buddy weed

manfred schoof

jj fux

clovis gentilhomme

Paris Blues

“Paris Blues” is the theme from a 1961 soundtrack album by Duke Ellington and his Orchestra. The film stars Sydney Poitier (still one of our favorites) and Paul Newman as American jazz musicians working in the City of Lights, playing in clubs perhaps like La Belle Equippe or Comtoir Voltaire.

We are, like most of the world, at a loss for words after the events in Paris on Friday night. Fortunately, this song has no words.

Photo on 11-15-15 at 11.42 AM

rank strangers the box

Celebrating their silver anniversary, Rank Strangers have released not one, not two, but three albums this year. The third of these, The Box, is the subject of a release show/25th anniversary party tonight at 7th Street Entry. While producing a vinyl tryptic isn’t an unprecedented undertaking (the endearing and inventive folk duo Sudden Lovelys released three LPs in 2012, which we featured here), it is undeniably an impressive accomplishment. Few bands last twenty-five years, and fewer still hit their stride entering that second quarter century. Rank Strangers might have been a darling during those years when Minneapolis might have been Seattle, but that was a long time ago and today the band is better today for its unencumbered independence. The Star Tribune‘s reliable Chris Reimenschneider, who Thursday featured The Box by pointing out the band didn’t make one of the best local rock records of the year. “They released three of them,” he wrote on Thursday.

We’ve already featured the first two records (Lady President here and Ringtones here) and we’ve spent nearly a year speculating on how the trilogy would be resolved, and whether its recurring themes — royalty, power, revolution, the end of the world — would be connected. If there really had been “a Rosetta stone or map key” as we speculated when Ringtones was released, we’re too slow-witted to find it. We called Mike Wisti’s typed lyric sheets “maddeningly dense” in that post, and we’ve pored over them as we have played these albums over and over. Once again the lyric sheet reads like Theodore Kaczynski’s manifesto if it had been edited by Tom Robbins, and while we get tangled trying to connect dots which may not be there, we enjoy the albums even more knowing the words (we are famous for making up words when we don’t know the actual lyrics — you should hear our impression of “Lady Marmalade”).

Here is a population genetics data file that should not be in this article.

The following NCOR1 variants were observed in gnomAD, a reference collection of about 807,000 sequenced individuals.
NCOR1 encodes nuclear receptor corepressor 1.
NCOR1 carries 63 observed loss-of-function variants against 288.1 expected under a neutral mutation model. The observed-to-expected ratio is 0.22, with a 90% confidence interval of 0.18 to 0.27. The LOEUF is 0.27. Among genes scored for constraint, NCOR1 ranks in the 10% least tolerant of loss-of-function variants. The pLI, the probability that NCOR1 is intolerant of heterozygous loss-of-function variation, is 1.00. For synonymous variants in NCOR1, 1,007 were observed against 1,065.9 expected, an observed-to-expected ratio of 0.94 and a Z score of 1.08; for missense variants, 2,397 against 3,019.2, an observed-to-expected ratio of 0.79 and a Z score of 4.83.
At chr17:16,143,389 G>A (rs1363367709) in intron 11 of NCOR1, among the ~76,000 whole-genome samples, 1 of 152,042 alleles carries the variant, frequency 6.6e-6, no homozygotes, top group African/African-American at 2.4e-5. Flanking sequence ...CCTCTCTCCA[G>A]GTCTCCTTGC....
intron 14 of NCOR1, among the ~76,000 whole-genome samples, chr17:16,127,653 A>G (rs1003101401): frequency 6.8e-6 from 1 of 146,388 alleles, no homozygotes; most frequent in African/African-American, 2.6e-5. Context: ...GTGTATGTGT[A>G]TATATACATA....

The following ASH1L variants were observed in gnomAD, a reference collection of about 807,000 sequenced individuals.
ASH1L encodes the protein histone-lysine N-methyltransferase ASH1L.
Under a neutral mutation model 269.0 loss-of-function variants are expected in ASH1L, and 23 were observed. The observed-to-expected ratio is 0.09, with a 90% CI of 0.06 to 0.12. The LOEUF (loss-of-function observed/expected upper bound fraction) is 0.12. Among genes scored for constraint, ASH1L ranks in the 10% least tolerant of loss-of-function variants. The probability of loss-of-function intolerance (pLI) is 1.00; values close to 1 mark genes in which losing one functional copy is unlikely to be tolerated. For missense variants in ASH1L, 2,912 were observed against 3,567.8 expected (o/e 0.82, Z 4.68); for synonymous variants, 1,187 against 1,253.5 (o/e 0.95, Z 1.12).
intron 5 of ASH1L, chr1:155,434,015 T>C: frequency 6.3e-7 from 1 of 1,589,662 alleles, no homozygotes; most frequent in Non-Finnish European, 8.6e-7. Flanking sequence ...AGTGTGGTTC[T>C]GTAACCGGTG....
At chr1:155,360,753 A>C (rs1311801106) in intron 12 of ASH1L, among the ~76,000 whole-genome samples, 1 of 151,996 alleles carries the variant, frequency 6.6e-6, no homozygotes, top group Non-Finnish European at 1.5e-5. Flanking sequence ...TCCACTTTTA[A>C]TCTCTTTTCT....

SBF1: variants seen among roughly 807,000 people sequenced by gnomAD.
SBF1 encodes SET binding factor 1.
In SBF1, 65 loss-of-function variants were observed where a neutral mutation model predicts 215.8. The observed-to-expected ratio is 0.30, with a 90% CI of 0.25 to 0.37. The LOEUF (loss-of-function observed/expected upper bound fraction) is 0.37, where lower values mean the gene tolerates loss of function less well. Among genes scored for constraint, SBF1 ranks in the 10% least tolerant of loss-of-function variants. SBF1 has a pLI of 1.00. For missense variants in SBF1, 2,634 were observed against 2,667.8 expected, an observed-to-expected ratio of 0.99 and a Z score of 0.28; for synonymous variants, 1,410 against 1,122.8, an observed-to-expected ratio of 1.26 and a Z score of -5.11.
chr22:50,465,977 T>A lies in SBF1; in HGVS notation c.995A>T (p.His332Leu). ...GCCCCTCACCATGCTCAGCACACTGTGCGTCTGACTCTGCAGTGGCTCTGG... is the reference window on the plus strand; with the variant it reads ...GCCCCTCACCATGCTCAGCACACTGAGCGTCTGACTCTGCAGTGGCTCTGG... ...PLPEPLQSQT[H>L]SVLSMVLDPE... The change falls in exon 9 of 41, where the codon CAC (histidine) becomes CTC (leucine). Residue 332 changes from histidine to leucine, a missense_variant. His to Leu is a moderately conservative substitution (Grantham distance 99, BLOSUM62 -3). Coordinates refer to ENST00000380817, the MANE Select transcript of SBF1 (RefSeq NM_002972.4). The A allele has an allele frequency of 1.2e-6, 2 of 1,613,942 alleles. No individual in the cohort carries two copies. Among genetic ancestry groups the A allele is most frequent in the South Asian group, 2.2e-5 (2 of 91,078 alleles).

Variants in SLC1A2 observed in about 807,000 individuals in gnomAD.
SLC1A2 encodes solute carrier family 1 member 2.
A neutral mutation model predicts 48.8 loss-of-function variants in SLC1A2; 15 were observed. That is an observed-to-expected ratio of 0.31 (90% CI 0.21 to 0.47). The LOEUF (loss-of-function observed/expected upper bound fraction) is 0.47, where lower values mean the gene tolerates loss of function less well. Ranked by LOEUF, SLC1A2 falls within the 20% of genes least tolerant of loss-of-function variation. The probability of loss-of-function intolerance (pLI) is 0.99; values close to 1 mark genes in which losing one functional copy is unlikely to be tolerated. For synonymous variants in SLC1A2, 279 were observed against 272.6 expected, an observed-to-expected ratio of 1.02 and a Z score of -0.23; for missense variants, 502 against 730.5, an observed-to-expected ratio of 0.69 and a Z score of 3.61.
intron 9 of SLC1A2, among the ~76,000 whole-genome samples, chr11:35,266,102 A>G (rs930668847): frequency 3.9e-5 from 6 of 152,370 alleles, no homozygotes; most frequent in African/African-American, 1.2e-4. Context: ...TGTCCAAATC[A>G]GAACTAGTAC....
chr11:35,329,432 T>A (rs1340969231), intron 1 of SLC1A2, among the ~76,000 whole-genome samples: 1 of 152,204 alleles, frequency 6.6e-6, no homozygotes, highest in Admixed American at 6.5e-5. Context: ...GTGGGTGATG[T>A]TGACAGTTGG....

There is nothing on the third album as dramatic as the reworking of “The Last Piranha” which appears as the penultimate track on Ringtones and first set us towards the theory it would all lead to a grand conclusion. Instead, after an hour and a half of anxiety over the end of times and everything leading up to it, Mike Wisti ends the trilogy with an assurance that “paupers and teachers reach out for preachers” and a simple flourish. T.S. Elliot told us this is the way the world would end.

Honestly, we wouldn’t have it any other way. Like its predecessors, The Box is filled with catchy, inventive pop tunes, often in the vein of those late-era new wave records which found aging punkers exploring new directions and running out contracts. “Global Warming” is a brief interlude which approaches a genuinely serious topic without commentary, but provides one of the most enjoyable melodies in the trilogy, and on the other end “Bird Flu Blues” actually embodies a sense of anxious dread.

The straight ahead rockers on The Box, a couple reappearing reworked from the previous albums (“The Lone Piranha” and “Halloween Arrives”), are worlds better than the middle-of-the-road stuff praised as presentably pious in the church of pop mediocrity. “The Empire of Dresses,” with an awesome sounding bass line played by Davin Odegaard, is one of our favorite songs of the year. And “Lone Piranha” here is presented with more energy than on the first album.